Judy Chicago – Mary, Queen of Scots

“I could not believe that all these seemingly important contributions of women had been omitted from the mainstream of culture, be it in art, literature, history, or philosophy. My discoveries intersected with the values of my upbringing which had emphasized the possibility of radical transformation and led me to conclude that the only real solution to the problems I was facing lay in the creation of an entirely new framework for art: one that included, rather than excluded, women, along with women’s ways of being and doing, which, I was convinced, could be quite different from men’s.”

– Judy Chicago

With its radiating spiralling lines reminiscent of flower petals, light rays or psychedelic visions, Judy Chicago’s series of Great Ladies championed a visual language rooted in feminine experience that stood in direct opposition to the dominant, male-centric practice of Minimalism in the 1960s and 1970s. Whilst most of her male contemporaries preferred a reductive aesthetic, preferably white or monochromatic, Judy Chicago’s oeuvre from the early 1970s is full of a sumptuous chromatic richness that shocked her contemporaries to such an extent that revolted critics could think of no more appropriate response than to ignore her altogether. After all, who would take seriously a young woman in the male-dominated art world of the 1960s? This historical denial is precisely at the core of Judy Chicago’s radical practice, and particularly the series of Great Ladies in which the artist created abstract interpretations of influential historical figures such as Marie Antoinette, Catherine the Great or Queen Victoria. As Chicago explained:

Judy Chicago - Mary Queen of Scots, 1973

JUDY CHICAGO
Mary, Queen of Scots, 1973
signed, titled, dated 1973 and numbered 6/40
lithograph on paper
image: 50.8 by 50.8 cm.   sheet: 63.7 by 63.7 cm.
Edition number 6 of 40. Published by Cirrus Editions, Los Angeles.

Literature
Bruce Davis, Made In L.A. The Prints of Cirrus Editions, New York 1995

Exhibited
Los Angeles, Cirrus Gallery, Cirrus 1970 – 1980, Part 1, November – December 1979
Los Angeles, Cirrus Gallery, Once Emerging, Now Emerging: Livin’ LA, December 2011 – January 2012

This edition is held in the following public collections:
The Metropolitan Museum of Art, New York
Los Angeles County Museum of Art, Los Angeles
Seattle Art Museum, Seattle

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The cycle of Great Ladies works, of which Mary, Queen of Scots is part, occupies an important position in the artist’s oeuvre, as it would culminate in her masterpiece The Dinner Party (1974-79) which celebrates the achievements of women in cultural history and which is now in the collection of the Brooklyn Museum in New York. Despite widespread institutional resistance against the monumental installation, Chicago managed to exhibit the work all over the world through inventive funding efforts – including in Melbourne in 1988. As in many other cities, The Dinner Party was not exhibited in one of the major art galleries, but in the less prestigious Exhibition Building as there was an ongoing discussion amongst local museum officials as to whether the work could be considered as ‘art’.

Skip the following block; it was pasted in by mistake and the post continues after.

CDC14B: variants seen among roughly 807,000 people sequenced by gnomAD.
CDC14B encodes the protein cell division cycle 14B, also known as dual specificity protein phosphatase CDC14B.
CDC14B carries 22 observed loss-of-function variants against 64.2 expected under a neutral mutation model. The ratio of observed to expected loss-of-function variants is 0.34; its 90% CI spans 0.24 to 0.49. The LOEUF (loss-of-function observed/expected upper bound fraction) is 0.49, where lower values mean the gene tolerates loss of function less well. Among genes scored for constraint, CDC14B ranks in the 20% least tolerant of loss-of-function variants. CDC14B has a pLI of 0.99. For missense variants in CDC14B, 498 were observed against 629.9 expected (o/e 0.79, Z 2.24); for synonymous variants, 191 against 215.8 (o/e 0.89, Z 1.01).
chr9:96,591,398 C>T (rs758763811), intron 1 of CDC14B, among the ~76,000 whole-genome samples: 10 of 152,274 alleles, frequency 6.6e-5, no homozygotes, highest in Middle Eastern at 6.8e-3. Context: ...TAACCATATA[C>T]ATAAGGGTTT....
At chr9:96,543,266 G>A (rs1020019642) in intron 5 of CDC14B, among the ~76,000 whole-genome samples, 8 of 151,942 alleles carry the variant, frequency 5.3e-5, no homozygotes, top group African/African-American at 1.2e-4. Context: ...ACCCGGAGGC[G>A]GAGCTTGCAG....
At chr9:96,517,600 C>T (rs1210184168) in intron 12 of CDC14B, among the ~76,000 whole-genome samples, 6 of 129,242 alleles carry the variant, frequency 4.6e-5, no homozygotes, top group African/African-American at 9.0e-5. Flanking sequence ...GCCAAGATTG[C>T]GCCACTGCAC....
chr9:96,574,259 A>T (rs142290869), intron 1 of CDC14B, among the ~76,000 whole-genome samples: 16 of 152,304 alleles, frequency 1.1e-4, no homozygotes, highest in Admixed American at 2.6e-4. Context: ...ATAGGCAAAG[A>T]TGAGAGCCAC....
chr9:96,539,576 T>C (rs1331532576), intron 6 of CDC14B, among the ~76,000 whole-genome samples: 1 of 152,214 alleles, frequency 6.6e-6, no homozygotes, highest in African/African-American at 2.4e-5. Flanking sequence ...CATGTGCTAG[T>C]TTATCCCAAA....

Equally importantly, the series of Great Ladies signals a shift from Judy Chicago’s earlier minimalist work (which had been more readily accepted by critics and had even been included in the seminal exhibition Primary Structures at the Jewish Museum in 1966), towards a decidedly different visual language that stood in opposition to the dominant aesthetics of minimalism. As the artist explained, she aimed to make her “form-language and color reveal something really specific about a particular woman in history”. For Mary, Queen of Scots, the artist has actually explained her intentions in hand-writing that surrounds the image and reads:

“This print was originally intended to be brightly colored with a glowing yellow center and a blue- green outside edge. It was to be titled Mary Tudor/Mary Sunshine / Mary Tudor, the Queen, daughter of Henry the 8th and Catherine of Aragon; Mary Sunshine, the printer. As I’ve worked, the image changed, becoming more subdued and quiet. Now it reminds me of Mary, Queen of Scots, the proud woman locked up in the tower for her ambitiousness.”

Judy Chicago’s Mary, Queen of Scots is from an edition of 40 lithographs, originally published by Cirrus Gallery – an iconic LA print maker that has also produced prints for John Baldessari, Bruce Nauman and Ed Ruscha amongst others. Three of the other prints from the Mary Queen of Scots edition are now housed in prestigious museum collections (The Metropolitan Museum of Art in New York, the Los Angeles County Museum of Art and the Seattle Art Museum).